A soft pop is followed by a spluttering arc of illumination. The flare casts an uneven greenish light over the landscape, shadows dancing under the flickering light. You jump from vigilance to hyper-vigilance. Your eyes scan the open ground looking for movement, real or imagined. Too soon, the light from the illumination flare gutters out. Darkness settles back around you. The watching and waiting go on.

In my time, I have come to understand that certain events act as a flare in the night, illuminating the darkling plain upon which we struggle to live our lives. In those moments when the darkness lifts, we catch fleeting glimpses of hidden motives, unseen actors. A different truth emerges from the shadows playing across our eyes. Knowledge is gained. And sometimes innocence is lost.

July 3, 2013

G-Man


I worked most of my adult life as an employee of the Department of Agriculture. In 1968, a friend of mine got me a job there right out of college. A few months later, I was drafted. When I got out two years later there there was a recession on, but I was guaranteed a job back at Ag, which I promptly took.

I worked about 10 years in a very large agency, where I was initially assigned to the Records Management Office, where we organized the files of documents created during the course of official business. This was in the day when everything was on paper and the sheer volume of material generated was enormous. But we knew where everything was, unlike today's e-mail dominated world.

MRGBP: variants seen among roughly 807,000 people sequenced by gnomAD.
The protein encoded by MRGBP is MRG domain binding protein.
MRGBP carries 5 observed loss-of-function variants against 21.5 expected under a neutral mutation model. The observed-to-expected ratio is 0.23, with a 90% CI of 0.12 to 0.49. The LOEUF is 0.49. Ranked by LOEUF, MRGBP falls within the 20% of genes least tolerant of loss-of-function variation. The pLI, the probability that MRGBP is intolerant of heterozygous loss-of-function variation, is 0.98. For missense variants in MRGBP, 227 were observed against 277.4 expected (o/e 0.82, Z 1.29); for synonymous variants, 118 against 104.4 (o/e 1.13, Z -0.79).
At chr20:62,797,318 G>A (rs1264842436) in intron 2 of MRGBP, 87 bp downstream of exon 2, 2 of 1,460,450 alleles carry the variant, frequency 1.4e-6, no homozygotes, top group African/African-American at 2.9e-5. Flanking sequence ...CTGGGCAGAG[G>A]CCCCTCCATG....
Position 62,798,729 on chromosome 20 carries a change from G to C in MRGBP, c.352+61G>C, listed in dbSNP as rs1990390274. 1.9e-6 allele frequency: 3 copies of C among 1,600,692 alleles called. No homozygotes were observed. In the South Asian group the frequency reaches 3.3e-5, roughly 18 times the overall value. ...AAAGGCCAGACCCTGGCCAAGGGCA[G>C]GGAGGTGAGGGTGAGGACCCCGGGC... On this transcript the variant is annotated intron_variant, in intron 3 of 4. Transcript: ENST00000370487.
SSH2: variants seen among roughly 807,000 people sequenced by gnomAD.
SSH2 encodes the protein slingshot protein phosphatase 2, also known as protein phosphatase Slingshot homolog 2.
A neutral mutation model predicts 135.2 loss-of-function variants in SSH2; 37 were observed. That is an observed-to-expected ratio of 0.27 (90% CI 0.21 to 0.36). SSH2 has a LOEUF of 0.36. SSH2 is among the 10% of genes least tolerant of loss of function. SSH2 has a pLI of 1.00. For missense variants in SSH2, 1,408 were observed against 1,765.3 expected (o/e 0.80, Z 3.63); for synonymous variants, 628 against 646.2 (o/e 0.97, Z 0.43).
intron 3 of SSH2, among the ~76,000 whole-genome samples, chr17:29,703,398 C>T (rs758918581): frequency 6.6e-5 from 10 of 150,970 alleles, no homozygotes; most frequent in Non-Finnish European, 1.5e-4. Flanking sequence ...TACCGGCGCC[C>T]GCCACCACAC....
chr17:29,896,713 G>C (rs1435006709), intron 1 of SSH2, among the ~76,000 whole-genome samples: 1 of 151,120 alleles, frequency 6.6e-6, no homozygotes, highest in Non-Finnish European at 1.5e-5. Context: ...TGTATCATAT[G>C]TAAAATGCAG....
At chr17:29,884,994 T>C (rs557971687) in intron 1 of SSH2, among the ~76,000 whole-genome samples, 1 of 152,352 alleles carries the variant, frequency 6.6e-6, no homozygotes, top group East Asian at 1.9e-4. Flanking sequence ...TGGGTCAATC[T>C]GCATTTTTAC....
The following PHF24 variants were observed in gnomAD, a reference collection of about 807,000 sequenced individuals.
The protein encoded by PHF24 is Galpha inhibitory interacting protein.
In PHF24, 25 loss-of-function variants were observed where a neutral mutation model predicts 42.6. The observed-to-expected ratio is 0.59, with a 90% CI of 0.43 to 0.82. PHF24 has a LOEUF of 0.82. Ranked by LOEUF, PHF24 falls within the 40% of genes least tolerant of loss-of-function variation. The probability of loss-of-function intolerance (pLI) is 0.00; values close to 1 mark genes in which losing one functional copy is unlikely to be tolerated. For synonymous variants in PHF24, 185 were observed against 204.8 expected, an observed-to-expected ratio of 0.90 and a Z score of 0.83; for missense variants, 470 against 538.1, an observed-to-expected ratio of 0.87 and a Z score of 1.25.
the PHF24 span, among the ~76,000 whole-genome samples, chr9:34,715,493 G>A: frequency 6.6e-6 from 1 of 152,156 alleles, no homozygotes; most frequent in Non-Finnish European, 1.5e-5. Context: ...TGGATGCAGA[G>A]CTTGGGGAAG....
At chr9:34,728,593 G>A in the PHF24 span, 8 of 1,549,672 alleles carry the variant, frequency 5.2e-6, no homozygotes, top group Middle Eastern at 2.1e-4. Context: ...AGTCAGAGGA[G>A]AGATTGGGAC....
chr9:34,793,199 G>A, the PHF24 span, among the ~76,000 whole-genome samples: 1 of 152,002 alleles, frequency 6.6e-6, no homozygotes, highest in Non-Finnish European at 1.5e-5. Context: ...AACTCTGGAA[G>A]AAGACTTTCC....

Partly because I had just been in the Army and had a Secret clearance and mostly because no one else wanted to do it, they made me the Classified Material Control Officer (CMCO), a job that required a Top Secret Cosmic clearance. (The Cosmic part referred to access to NATO material.) I obtained the clearance despite listing the wrong place of birth on the forms. Kind of makes you wonder, doesn't it?

The job required reading classified State Department cables and re-directing them to the appropriate interested parties within the Agency. USDA had vast international operations -- in most countries we handed out more money than did the Defense Department -- so any cable traffic pertaining to our commercial interests abroad crossed my desk. I'd love to tell you about it, but then you would have to be bored to death.